The amount and quality of information police must have before they can arrest or search without a warrant or that a judge must have before she will sign a search warrant allowing the police to conduct a search or arrest a suspect. Reliable information must show that it's more likely than not that a crime has occurred and the suspect is involved.

IMPRISON

To put a person in prison or jail or otherwise confine him as punishment for committing a crime.

INFORMATION

The name of the document, sometimes called a criminal complaint or petition in which a prosecutor charges a criminal defendant with a crime, either a felony or ... (more...)
The name of the document, sometimes called a criminal complaint or petition in which a prosecutor charges a criminal defendant with a crime, either a felony or a misdemeanor. The information tells the defendant what crime he is charged with, against whom and when the offense allegedly occurred, but the prosecutor is not obliged to go into great detail. If the defendant wants more specifics, he must ask for it by way of a discovery request. Compare indictment.

SAMPLE LEGAL CASES

Tiede v. CorTrust Bank, NA

... III. [¶7.] Tiede alleges that she was discharged in retaliation for her refusal to discontinue filing SARs and CTRs on certain CorTrust customers. She contends that as the bank secrecy officer, she was required to file these reports or risk criminal prosecution under the BSA. ...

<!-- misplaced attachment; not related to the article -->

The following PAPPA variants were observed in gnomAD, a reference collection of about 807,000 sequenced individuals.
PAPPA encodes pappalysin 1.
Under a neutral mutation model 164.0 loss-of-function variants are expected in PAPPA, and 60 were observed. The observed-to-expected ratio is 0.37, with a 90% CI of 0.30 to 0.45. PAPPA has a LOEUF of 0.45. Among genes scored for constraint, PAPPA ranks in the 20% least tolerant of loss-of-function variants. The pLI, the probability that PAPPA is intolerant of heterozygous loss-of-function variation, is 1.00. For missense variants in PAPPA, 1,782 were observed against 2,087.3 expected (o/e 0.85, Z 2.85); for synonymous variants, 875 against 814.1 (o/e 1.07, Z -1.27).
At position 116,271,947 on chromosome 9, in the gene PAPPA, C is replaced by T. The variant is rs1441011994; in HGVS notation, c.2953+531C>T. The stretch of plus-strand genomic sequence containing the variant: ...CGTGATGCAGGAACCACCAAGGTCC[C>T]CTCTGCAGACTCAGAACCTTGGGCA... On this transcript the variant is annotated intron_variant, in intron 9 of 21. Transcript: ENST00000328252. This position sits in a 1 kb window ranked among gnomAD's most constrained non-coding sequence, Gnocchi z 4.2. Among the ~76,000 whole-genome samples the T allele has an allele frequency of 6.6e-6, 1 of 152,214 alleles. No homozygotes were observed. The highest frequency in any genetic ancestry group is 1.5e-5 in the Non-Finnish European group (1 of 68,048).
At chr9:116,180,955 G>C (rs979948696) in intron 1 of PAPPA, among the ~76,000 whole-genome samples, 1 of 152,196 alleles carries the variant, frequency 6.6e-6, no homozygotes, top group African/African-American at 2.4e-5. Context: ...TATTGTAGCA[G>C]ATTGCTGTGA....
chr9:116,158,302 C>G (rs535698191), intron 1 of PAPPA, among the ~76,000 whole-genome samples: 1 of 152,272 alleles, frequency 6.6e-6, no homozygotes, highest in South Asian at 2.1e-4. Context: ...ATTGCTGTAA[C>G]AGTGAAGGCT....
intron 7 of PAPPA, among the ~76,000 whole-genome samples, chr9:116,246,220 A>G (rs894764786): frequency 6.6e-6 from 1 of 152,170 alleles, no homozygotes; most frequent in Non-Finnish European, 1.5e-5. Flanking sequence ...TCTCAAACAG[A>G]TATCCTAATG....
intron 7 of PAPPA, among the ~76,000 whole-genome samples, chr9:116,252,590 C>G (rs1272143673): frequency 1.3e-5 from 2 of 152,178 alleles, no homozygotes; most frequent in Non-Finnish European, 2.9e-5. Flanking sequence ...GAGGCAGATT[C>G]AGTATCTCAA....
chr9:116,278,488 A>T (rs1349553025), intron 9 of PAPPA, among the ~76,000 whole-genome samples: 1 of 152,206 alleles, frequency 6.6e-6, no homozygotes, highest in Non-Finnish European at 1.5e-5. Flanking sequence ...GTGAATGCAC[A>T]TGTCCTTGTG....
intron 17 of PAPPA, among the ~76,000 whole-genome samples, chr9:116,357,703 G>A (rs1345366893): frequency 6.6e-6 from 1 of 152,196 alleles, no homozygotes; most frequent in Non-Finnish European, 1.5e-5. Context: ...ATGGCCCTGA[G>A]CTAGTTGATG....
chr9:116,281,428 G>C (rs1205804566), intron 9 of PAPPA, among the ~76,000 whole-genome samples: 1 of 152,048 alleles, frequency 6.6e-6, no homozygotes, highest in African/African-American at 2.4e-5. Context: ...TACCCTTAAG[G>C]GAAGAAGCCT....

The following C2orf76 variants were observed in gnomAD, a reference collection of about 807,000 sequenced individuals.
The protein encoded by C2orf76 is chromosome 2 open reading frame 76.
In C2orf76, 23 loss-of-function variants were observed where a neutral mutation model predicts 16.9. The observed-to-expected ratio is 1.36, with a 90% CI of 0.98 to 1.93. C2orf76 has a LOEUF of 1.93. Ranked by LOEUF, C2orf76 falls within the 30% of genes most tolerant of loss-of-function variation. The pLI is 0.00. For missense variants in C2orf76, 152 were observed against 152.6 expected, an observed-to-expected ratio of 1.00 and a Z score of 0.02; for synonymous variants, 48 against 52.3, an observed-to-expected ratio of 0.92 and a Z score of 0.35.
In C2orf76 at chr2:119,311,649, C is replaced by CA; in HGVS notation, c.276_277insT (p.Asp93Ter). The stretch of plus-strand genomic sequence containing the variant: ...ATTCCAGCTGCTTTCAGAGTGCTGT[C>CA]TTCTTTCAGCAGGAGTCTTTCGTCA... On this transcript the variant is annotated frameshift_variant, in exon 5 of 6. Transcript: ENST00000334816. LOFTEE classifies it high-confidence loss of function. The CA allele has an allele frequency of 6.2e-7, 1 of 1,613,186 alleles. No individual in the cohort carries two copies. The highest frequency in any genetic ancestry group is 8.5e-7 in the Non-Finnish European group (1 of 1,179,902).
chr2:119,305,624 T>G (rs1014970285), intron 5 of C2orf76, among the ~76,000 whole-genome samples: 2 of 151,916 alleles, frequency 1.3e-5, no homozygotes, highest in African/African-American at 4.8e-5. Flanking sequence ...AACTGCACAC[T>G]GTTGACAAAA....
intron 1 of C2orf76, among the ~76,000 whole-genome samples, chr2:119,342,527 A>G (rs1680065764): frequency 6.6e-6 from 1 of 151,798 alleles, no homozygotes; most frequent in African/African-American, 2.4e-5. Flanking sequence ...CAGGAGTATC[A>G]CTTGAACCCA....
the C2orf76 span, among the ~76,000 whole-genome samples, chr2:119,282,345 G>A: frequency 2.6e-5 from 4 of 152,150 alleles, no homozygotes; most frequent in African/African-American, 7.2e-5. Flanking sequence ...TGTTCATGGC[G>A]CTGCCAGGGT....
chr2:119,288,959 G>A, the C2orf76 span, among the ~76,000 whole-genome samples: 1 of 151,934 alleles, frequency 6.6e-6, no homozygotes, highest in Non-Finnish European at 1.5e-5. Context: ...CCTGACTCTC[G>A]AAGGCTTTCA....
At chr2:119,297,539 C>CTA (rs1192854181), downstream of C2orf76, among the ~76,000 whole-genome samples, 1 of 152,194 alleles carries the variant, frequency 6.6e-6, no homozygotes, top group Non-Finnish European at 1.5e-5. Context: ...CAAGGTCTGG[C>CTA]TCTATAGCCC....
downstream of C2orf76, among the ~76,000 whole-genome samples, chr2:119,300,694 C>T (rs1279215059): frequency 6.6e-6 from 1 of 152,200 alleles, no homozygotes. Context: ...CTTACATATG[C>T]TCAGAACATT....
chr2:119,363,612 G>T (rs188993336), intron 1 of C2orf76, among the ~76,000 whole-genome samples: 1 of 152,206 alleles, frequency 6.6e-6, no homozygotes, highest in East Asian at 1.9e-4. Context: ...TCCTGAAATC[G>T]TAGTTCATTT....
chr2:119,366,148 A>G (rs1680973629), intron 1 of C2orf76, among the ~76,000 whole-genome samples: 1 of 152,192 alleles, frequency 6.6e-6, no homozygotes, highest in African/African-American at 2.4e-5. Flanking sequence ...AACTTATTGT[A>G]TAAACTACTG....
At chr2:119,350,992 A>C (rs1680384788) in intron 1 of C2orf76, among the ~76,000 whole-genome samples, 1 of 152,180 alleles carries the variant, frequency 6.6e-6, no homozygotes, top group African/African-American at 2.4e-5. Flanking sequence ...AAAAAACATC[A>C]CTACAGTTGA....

State v. Hayen

... We have recognized that the Fourth Amendment permits a brief investigatory stop of a vehicle when "the officer's action is supported by reasonable suspicion to believe that criminal activity `may be afoot.'" State v. Kenyon, 2002 SD 111, ¶ 14, 651 NW2d 269, 273 (citations ...

In re MDD

... 23A-28 (restitution in criminal cases) or SDCL 26-8C-7(1) and 26-8B-6(4) (restitution in juvenile delinquency cases). Statutory interpretation is a question of law we review de novo. ... [¶ 4.] SDCL ch. 23A-28 authorizes an award of restitution to specified "victims" in criminal cases. ...